It Takes a Kitty Village: Caboodle Ranch in Need of More Manpower
Over the last seven years, Grant has taken in more than 660 unwanted cats from around the country. This past week alone he welcomed castoffs from Michigan, Ohio, New York and his home state of Florida. But while he continues to keep his ranch open for felines in need, that growing population does not come without its own set of challenges. Grant works 14-hour days, seven days a week; and he only recently gave himself two days off during Labor Day weekend – his first "vacation" in four years.
It's no wonder he's looking to hire someone to help him full-time. "I have six volunteers right now, just part-time people," he tells PEOPLEPets.com. "I just want somebody [full-time] to clean real good and not be allergic to the animals."
Grant initially financed the entire cost of running the Caboodle Ranch himself. These days, the nonprofit cat village subsists on public donations, which he says "come at a decent rate" (about $60,000 in 2008) -- a boon for an operation whose operating costs add up to roughly $6,500 per month.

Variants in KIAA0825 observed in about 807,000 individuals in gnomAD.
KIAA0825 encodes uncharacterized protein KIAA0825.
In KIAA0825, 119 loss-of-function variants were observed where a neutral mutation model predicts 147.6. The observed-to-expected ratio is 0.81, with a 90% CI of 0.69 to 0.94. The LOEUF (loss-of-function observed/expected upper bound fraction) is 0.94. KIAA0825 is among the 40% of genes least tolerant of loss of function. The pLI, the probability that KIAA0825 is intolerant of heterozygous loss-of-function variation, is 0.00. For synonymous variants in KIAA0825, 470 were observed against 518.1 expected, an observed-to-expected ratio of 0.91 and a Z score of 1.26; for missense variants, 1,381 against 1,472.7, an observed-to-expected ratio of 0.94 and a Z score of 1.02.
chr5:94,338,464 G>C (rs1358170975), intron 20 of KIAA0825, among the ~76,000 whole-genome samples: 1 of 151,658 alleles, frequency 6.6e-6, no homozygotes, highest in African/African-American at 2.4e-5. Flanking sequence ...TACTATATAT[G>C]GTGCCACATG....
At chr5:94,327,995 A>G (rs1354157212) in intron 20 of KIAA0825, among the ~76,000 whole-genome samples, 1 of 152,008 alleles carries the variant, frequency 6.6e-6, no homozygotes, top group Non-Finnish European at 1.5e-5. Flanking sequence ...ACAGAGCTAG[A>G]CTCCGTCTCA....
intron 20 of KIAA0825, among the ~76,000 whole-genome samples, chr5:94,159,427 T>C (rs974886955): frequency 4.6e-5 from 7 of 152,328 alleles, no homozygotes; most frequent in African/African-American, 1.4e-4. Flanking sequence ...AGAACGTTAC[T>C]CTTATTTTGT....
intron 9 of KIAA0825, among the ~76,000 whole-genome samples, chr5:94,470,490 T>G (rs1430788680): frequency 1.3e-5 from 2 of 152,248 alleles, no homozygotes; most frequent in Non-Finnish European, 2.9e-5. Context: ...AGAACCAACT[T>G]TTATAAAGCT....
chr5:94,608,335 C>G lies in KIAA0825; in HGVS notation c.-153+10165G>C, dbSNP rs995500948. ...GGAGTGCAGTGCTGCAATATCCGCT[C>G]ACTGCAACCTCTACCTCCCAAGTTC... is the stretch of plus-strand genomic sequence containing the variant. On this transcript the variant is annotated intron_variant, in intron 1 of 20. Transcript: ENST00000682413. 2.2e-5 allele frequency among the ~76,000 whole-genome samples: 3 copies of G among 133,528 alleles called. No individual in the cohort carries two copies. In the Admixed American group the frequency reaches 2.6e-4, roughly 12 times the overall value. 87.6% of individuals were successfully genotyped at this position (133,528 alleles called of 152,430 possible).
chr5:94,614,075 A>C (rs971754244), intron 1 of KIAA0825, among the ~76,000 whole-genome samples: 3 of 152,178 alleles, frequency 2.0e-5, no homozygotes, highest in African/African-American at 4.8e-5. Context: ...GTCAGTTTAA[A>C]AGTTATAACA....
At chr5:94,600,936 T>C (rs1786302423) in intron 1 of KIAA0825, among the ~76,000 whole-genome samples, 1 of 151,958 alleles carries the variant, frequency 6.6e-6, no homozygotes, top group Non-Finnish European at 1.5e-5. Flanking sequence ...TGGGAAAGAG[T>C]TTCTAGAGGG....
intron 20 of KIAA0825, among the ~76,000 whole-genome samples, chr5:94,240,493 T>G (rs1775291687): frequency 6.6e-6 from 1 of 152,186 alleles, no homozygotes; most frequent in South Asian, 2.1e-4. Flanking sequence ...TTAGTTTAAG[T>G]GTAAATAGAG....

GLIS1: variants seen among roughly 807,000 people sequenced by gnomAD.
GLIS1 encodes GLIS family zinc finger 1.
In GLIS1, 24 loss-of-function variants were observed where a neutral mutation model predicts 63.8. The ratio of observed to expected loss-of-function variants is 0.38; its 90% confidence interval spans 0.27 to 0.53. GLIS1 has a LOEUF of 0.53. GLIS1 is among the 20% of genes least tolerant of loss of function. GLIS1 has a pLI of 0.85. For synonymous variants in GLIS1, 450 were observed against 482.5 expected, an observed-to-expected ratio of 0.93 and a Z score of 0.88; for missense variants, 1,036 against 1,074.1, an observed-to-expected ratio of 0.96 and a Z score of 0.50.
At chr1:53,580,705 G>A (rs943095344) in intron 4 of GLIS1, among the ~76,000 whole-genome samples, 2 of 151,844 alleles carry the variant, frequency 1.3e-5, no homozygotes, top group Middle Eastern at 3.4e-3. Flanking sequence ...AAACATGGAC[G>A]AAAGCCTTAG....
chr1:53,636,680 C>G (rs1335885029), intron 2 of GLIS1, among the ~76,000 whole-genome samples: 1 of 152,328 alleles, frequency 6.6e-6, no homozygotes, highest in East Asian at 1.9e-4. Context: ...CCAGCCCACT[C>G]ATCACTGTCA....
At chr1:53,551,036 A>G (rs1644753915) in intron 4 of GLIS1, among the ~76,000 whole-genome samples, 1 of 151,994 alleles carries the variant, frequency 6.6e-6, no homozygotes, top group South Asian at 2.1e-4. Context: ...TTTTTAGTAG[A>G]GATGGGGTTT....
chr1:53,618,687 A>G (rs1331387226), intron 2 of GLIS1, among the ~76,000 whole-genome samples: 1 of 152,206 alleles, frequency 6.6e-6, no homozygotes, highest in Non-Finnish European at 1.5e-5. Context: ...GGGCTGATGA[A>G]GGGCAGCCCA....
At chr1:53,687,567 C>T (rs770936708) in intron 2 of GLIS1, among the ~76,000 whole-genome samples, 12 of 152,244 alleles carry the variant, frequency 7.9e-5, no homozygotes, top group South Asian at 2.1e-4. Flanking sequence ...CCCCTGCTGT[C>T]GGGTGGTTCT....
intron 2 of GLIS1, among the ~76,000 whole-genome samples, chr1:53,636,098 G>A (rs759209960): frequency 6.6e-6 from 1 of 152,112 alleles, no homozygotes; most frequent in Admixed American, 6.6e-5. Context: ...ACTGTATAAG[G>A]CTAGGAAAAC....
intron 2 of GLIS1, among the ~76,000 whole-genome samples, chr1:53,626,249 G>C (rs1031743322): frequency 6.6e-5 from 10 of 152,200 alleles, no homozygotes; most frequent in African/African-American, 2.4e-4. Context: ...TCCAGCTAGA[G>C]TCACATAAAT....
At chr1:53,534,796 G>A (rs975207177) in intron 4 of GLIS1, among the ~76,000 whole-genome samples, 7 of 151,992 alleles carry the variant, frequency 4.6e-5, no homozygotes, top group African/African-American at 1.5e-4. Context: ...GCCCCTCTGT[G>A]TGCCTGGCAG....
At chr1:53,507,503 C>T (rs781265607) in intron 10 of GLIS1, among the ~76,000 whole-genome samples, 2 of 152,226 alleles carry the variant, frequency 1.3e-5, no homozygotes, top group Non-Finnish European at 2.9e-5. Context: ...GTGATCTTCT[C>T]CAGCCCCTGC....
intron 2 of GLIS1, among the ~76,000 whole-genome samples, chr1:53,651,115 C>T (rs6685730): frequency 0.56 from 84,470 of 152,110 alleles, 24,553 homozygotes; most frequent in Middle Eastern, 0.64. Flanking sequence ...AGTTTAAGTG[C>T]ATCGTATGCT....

A big chunk of that budget goes toward healthcare for the cats, including a twice-daily application of a flea-control medicine called Revolution – a necessity with so many animals in one place. "Health issues are the biggest challenge," Grant says. "Otherwise, they transmit diseases."
Despite these concerns, Grant stays upbeat about the future of Caboodle Ranch, which has the seal of approval from the Tallahassee Humane Society and Tallahassee/Madison County Animal Control. Only five of the property's 30 acres are currently being used to house the cats, who live in a variety of trailers and kitty-sized buildings. But as funds – and hopefully manpower – increases, Grant has a grander vision: "I want to build a castle out there. We have big plans."
To make a donation to the Caboodle Ranch, visit its official website.
Read more about needy cats on PEOPLEPets.com:
Kittens Tossed in the Trash Recovering in Foster Home
Cat Shot 30 Times is Doing Well and Waiting to Be Adopted